A question on Prestige.

“Pa, what do you think of people who look for prestige?”

I asked because I was genuinely curious.

“What do you mean?” my dad asked back.

I’m not a person in search for prestige. I mean, I want to be GREAT at what I do – if I do ever figure out what I want to do. It’s just that popularity comes second to the substance I’m aiming for, if not the last. Not to down anyone or any specific mindset – at least the people in search of prestige know what they want. Here from my end, I’ve just started chiseling my way through the pinnacle of an iceberg that has “What Aix wants out of life” written all over it. It’s a dirty job, I know. But somebody has to do it. By somebody, I mean me. Doesn’t it make you curious why prestige is in the bag of must-want, must-have, or must-reach for some people? I’m curious. And I want to know if it would make me less queer if I start going for the same thing.

prestige

“I just want to know what you think of it,” I said after a long pause.

“There’s nothing wrong in looking for prestige in life, it’s normal. It’s just that when you constantly eye on ‘Prestige’, your sense of self-value is greatly anchored on how other people look at you. It’s a race of popularity, of who’s who,” my dad said.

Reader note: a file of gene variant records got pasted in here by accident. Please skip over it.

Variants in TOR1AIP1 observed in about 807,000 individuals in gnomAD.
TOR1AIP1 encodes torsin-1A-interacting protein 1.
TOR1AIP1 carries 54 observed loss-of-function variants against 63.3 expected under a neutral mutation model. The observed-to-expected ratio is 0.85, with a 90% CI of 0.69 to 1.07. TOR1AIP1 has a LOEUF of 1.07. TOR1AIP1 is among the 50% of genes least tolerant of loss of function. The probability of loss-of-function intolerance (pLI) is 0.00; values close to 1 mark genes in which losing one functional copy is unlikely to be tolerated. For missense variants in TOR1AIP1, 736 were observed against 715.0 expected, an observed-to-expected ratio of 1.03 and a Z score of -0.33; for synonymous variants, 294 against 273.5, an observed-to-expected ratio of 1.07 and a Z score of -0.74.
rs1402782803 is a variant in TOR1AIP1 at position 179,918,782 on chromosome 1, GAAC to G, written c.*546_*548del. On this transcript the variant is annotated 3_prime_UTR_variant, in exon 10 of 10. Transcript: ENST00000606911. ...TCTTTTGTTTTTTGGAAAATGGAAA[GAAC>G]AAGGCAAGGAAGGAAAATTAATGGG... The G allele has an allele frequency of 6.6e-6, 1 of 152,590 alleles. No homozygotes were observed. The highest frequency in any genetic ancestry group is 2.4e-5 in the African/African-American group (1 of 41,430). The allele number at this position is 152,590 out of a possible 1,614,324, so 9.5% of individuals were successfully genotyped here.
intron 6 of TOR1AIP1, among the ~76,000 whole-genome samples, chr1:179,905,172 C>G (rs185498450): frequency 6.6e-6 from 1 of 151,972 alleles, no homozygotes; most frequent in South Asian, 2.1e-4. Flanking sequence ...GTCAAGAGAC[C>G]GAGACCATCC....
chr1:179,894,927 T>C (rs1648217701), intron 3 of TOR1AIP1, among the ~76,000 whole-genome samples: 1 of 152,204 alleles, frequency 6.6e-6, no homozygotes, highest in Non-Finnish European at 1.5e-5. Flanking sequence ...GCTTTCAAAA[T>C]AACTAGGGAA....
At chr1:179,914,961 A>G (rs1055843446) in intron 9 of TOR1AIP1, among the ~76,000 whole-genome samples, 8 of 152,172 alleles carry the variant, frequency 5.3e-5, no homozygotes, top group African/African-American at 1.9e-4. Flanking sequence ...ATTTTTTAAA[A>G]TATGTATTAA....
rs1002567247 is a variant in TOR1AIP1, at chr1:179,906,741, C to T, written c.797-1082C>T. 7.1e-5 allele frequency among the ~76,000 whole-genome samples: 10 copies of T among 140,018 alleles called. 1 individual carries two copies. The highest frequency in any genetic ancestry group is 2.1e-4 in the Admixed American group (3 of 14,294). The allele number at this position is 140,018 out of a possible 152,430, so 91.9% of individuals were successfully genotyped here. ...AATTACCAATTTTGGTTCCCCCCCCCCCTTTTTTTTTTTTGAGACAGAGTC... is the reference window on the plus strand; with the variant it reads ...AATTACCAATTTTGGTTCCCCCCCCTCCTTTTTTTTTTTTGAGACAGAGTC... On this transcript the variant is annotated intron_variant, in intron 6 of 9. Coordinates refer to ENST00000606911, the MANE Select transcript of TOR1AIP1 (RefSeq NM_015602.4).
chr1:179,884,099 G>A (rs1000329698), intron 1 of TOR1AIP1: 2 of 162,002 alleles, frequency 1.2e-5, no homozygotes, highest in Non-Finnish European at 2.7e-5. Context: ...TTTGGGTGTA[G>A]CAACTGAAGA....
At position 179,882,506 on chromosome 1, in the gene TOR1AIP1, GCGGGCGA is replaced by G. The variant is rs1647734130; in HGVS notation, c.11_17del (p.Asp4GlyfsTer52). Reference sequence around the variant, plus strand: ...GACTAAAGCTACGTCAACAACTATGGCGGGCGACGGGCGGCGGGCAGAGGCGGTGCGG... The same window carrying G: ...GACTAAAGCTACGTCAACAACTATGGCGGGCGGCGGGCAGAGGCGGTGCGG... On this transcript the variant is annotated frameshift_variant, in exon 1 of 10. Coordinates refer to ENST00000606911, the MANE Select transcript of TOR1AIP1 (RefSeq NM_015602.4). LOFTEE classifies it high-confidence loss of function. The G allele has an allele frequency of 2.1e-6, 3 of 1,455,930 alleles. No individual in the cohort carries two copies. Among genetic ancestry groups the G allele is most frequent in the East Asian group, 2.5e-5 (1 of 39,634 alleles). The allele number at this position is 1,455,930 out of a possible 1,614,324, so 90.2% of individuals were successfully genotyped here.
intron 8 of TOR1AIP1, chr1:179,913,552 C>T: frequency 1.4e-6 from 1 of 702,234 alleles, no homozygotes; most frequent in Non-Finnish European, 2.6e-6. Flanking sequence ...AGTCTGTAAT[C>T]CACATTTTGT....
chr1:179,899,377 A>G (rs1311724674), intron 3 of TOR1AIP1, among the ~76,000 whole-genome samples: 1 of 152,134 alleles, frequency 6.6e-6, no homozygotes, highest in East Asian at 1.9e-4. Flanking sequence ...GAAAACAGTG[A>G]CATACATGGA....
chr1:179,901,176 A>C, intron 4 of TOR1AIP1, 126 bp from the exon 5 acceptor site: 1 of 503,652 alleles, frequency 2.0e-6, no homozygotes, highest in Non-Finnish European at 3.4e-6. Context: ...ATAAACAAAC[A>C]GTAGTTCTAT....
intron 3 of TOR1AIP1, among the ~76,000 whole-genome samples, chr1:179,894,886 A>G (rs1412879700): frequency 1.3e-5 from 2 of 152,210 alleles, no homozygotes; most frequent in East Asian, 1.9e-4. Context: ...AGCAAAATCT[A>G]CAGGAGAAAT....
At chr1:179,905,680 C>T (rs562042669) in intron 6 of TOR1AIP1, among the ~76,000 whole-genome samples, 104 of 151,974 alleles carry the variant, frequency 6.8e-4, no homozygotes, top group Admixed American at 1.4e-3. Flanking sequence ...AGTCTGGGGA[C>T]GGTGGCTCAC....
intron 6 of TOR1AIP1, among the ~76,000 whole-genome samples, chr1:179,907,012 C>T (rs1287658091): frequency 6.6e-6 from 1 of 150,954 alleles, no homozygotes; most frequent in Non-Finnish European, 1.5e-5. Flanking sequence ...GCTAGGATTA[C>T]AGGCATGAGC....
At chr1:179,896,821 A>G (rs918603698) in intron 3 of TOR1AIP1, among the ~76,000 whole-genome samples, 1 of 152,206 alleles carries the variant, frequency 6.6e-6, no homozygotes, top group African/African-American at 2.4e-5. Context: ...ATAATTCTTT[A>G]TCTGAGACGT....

Well, I got some confirmation out of that – it definitely did not stimulate a tinge of interest in me in any way whatsoever. To me, the physical or the tangible doesn’t look too valuable. Competition of who’s better or who’s more was never exactly my thing. It being a probable sign of lacking motivation doesn’t worry me, with my fair share of both notable wins and losses. I’m just not constantly on the run for forms of ‘entitled’ acknowledgement or affirmation — and talking about this alone is starting to incredibly bore me lol.

You have the divine right to call me a nut case with what I’m about to admit. Just for everybody’s reference, I have always had – and I don’t think I’ll ever get cured of this – my heart set on the abstracts, on the immeasurable and the infinite. The only problem about this is that I never know where I am until it feels right.

Just when I was about to dismiss the thought, my dad followed his answer up with something that had a pull on the heart strings: “Eventually though, if you want to get more of life, you’ll have to learn to consciously start putting value on how God sees you over how the world does.”